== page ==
Bishop's Column

Protecting Our Children

Satan is tenacious. Sacred Scripture tells us that the Devil is always "prowling like a roaring lion looking for someone to devour." At the end of time, the Prince of Darkness will be defeated. But until that time, Satan will prowl, zealously, looking for ways to destroy everything that is true, good, and beautiful.

Satan wants to destroy the family, the community, and the state. He thrives on chaos. But he wants especially to destroy the Church. And so he looks for opportunities to sow the seeds of chaos, disorder, temptation, and falsehood, in the hearts of priests.

For two thousand years, Satan has worked to try to keep priests from communion with Jesus Christ. He tempts priests as he tempts all men: with opportunities for power, or comfort, or with the pride that keeps men from seeking God’s grace.

The world needs a holy Church. And so, for two thousand years, Satan has sought to bring chaos, and sin, and scandal to the Church.

Order defeats chaos. Humility defeats scandal. And grace defeats sin.

This week, I am very pleased to promulgate a new, revised version of the "Policy of the Lincoln Catholic Diocese Regarding the Reporting of Alleged Cases of Child Abuse or Neglect." The policy can be read in its entirety in this issue of the Southern Nebraska Register and on our website.

The diocesan policy addresses the protocols of the Church to ensure that no allegation of grave sin or abuse is left unresolved. As a bishop, my task is to be vigilant in ensuring that sinfulness does not creep into the Church of Lincoln; to ensure that scandal does not effect our mission of salvation; and to ensure that no child is ever in danger in our Church.

Although the Diocese of Lincoln has not been untouched by these evils, it has a solid history of working to protect and care for children in our Church. This policy continues that tradition. It ensures that pastors, superintendents, principals, administrators and all volunteers cooperate with civil authorities. It ensures a process to deal quickly and fairly with allegations of misconduct. And it ensures that anyone, lay or clerical, who abuses or neglects a child in an ecclesial context is properly punished.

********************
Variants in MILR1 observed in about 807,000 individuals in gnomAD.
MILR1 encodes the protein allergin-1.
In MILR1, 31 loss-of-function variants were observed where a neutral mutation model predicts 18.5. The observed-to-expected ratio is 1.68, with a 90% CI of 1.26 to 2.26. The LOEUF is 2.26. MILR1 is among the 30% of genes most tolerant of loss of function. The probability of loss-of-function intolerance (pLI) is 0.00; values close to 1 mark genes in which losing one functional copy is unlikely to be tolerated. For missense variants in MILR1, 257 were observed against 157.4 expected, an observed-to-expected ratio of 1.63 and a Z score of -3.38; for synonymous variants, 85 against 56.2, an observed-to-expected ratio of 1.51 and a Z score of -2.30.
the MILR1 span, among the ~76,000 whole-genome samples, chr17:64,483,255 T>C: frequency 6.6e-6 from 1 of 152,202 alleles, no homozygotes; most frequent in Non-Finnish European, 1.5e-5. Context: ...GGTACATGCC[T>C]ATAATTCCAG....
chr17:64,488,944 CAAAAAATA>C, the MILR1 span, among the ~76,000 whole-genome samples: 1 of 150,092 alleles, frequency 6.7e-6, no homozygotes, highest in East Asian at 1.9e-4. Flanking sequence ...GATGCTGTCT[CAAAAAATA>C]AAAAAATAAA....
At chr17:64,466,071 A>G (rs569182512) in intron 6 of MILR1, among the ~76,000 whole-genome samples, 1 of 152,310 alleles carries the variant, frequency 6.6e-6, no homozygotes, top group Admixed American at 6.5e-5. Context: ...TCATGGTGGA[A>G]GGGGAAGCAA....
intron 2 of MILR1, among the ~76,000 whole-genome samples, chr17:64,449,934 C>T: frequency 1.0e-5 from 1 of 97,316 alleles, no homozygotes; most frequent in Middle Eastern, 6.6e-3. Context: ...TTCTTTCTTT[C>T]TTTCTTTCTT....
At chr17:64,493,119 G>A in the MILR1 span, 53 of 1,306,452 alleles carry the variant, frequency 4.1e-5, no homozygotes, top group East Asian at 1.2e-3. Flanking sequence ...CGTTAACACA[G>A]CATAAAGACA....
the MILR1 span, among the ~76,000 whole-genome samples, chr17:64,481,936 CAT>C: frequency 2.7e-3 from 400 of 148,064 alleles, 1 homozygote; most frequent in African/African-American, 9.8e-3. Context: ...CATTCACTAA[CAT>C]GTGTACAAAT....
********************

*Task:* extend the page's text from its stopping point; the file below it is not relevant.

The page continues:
Policies like this one help to sanctify us. Law can dispose us to have good habits, and good habits can dispose us to virtue. My prayer is that this revised policy in the Diocese of Lincoln disposes us all to protect the innocence and virtue of children, and to rebuke Satan’s efforts to destroy the Church, her priests, and her children.

In 2008, Pope Benedict XVI visited the United States, and addressed the sexual abuse crisis in the Church. "Children," he said, "should be spared the degrading manifestations and the crude manipulation of sexuality so prevalent today. They have a right to be educated in authentic moral values rooted in the dignity of the human person."

Pope Benedict was right. Our world is a degrading and crude place—and children are particularly vulnerable to the world’s manipulation of sexuality. If we ensure that the Church is a place of purity and innocence, of order and virtue—we may be able to replicate those virtues in the world. If we ensure that children are spared indignity in the Church, we may effectively proclaim their dignity in the world. I am proud of the revised policy in the Diocese of Lincoln—I pray it may help us all to grow in virtue, to defeat the tenacity of Satan, and to bring the Gospel of Jesus Christ more credibly to the world.

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